Prime Minister Naftali Bennett said Sunday Israel had "evidence" Iran was behind the deadly tanker attack off Oman despite its denials, and warned his country could "send a message" in retaliation.
Bennett's statement came after Iran rejected its arch-foe's "baseless accusations" it was responsible for the attack that killed two crewmen, and vowed to defend its interests after Israel pushed for UN action against it.
"The intelligence evidence for this exists and we expect the international community will make it clear to the Iranian regime that they have made a serious mistake," the Israeli premier said at the weekly cabinet meeting.
"In any case, we know how to send a message to Iran in our own way."
The MT Mercer Street, managed by prominent Israeli billionaire Eyal Ofer, was attacked Thursday off Oman.
A British security guard and a Romanian crew member were killed in what the US military and the vessel's operator Zodiac Maritime said appeared to be a drone strike.
British Foreign Secretary Dominic Raab said Sunday London believed the attack was "deliberate, targeted, and a clear violation of international law by Iran" which "UK assessments" showed Iran used "one or more UAVs" to target the tanker.
"Iran must end such attacks, and vessels must be allowed to navigate freely in accordance with international law," Raab said in a statement.
The Israeli army said its chief of staff held a conversation with his UK counterpart about "recent events in the region and common challenges faced by both countries".
Earlier Sunday, Iran denied involvement in the attack, with foreign ministry spokesman Saeed Khatibzadeh saying Israel "must stop such baseless accusations".
"Iran will not hesitate for a moment to defend its... interests and national security," he told a news conference.
In Jerusalem, Bennett slammed Iran's "cowardly" denial, saying he could "determine with absolute certainty that Iran carried out the attack against the ship".
"Iran's aggressive conduct is dangerous not only to Israel, but also harms global interests, freedom of navigation and international trade," Bennett said.
Retired general Yossi Kuperwasser said Israel's response would probably contain two elements -- try to create global pressure against Iran and retain its ability to act "beyond the diplomatic realm".
"My assumption is that the intention is first and foremost the continued action against the Iranian presence in Syria," Kuperwasser told Israeli military radio.
- Tit-for-tat strikes -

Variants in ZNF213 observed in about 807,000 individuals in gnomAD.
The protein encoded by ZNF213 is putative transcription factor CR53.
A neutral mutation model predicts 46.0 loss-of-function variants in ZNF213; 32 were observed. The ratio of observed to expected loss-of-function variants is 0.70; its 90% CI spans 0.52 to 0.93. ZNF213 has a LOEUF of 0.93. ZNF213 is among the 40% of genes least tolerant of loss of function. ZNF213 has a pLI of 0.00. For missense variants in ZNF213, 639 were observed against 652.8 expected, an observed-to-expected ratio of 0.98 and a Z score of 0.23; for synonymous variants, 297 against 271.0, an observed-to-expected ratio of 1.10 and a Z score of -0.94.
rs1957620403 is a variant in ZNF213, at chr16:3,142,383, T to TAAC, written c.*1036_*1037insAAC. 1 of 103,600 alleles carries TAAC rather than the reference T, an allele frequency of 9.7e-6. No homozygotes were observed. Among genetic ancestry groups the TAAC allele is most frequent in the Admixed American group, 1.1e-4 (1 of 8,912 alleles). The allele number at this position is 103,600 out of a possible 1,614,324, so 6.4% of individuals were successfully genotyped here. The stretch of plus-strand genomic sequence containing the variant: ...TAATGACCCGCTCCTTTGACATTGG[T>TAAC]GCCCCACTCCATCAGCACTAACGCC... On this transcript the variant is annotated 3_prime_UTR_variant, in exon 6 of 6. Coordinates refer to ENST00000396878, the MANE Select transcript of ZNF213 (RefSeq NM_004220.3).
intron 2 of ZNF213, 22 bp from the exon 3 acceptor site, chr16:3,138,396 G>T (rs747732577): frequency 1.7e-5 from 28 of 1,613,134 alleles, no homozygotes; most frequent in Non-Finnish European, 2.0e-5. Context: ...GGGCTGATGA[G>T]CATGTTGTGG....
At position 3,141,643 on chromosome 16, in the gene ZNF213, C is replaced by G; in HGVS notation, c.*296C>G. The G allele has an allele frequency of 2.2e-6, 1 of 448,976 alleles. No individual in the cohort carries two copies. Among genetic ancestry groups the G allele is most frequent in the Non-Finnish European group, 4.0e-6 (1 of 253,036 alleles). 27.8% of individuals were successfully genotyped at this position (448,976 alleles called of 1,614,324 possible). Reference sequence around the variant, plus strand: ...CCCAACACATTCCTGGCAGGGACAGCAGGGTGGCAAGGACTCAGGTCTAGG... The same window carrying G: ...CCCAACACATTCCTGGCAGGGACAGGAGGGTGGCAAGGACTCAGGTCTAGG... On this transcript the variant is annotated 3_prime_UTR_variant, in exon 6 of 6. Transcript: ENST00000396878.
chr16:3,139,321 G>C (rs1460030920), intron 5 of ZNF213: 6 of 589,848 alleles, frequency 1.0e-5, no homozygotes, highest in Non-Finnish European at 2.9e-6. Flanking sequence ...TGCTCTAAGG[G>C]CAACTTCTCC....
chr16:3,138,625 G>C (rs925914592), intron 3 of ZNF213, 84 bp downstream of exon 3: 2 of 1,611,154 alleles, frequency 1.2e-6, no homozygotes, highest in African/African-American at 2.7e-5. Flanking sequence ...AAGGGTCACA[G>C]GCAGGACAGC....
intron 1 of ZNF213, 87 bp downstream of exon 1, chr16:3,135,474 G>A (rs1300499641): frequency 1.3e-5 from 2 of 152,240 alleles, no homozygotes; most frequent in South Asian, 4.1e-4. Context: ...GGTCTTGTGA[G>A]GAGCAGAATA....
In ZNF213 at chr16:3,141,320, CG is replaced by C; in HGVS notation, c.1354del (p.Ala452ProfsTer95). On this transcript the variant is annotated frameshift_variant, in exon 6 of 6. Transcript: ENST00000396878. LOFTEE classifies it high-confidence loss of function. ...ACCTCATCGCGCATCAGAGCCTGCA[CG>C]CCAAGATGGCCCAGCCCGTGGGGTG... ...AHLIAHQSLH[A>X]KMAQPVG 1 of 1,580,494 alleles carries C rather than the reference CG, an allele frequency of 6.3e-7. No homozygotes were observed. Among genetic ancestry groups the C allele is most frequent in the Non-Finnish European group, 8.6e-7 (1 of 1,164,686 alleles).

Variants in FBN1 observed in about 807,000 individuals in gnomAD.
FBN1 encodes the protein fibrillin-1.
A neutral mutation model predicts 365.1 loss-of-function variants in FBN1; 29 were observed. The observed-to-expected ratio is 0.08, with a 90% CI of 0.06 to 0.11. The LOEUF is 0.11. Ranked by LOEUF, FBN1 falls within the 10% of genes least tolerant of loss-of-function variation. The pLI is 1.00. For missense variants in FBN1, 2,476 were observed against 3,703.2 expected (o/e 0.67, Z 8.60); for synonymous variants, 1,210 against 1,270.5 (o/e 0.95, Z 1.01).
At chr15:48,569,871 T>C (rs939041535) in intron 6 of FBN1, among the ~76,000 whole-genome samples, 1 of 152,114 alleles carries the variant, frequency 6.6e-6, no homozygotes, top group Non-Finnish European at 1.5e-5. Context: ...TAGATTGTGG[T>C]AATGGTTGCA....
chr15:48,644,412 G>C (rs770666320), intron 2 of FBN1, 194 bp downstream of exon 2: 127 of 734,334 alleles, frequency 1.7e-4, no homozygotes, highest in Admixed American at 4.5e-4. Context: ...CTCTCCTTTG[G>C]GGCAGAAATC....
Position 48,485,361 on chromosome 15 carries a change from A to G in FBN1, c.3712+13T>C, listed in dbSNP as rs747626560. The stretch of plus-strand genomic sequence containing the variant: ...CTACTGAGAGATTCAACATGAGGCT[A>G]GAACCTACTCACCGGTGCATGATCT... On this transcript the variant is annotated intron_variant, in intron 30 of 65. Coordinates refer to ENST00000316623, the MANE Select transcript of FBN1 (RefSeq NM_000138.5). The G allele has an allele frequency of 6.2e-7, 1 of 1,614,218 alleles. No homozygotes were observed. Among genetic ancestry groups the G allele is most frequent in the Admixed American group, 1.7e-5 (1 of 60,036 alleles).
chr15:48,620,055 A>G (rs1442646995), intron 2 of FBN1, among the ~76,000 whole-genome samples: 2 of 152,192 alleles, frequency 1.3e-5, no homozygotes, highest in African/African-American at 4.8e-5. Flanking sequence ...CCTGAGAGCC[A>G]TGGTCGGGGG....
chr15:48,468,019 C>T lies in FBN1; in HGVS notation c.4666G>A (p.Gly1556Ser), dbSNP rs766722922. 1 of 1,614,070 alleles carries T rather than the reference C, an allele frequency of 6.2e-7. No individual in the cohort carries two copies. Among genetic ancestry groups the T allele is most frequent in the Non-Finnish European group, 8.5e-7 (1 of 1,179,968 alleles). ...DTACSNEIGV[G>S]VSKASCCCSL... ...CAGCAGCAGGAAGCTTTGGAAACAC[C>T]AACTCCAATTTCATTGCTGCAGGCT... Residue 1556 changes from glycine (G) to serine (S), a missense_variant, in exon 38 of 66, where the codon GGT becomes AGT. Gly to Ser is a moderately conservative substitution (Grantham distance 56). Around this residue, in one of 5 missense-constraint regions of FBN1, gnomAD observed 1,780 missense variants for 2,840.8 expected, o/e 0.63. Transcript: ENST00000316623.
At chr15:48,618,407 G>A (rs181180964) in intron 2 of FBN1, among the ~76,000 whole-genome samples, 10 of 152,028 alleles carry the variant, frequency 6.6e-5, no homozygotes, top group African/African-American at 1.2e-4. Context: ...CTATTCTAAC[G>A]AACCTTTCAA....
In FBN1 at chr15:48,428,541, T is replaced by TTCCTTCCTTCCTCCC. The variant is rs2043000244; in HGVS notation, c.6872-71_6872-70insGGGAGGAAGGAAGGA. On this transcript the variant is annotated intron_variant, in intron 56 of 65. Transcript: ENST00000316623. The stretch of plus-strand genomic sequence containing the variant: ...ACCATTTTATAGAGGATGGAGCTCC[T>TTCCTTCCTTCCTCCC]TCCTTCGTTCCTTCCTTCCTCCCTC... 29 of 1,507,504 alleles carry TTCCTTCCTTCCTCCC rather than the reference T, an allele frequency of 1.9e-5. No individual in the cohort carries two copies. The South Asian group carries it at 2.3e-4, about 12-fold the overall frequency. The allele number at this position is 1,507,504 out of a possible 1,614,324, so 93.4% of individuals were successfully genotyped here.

On Saturday, US Secretary of State Antony Blinken and Israel's Foreign Minister Yair Lapid agreed to work with other allies "to investigate the facts, provide support, and consider the appropriate next steps", the State Department said.
Maritime analysts Dryad Global said the attack was the fifth against a ship connected to Israel since February.
The tanker was travelling from Dar es Salaam in Tanzania to Fujairah in the United Arab Emirates with no cargo aboard when it was hit, Zodiac Maritime said.
In recent months, there have been several reported attacks on Iranian ships that Tehran has linked to Israel.
In March, Iran said it was "considering all options" in response to an attack on a cargo ship in the Mediterranean that it blamed on Israel.
And in April, Tehran said its freighter Saviz was hit by an "explosion" in the Red Sea, after media reports said Israel had targeted the ship.
The New York Times reported at the time this was an Israeli "retaliatory" attack after "Iran's earlier strikes on Israeli ships".
The attack came at a time of heightened tension between the foes, with reports of a series of tit-for-tat strikes on shipping since early March.
In a March report that cited US and Middle East officials, the Wall Street Journal said Israel has targeted at least a dozen vessels bound for Syria, mostly carrying Iranian oil, since late 2019.
Iran has also accused Israel of sabotaging its nuclear sites and killing a number of its scientists.
Tehran and world powers are engaged in talks in Vienna in an effort to return Washington to a 2015 nuclear deal and lift sanctions, and bring Iran back in compliance with nuclear commitments it waived in retaliation for sanctions.
The accord was strained when in 2018 former president Donald Trump withdrew the US from it unilaterally and reimposed sanctions.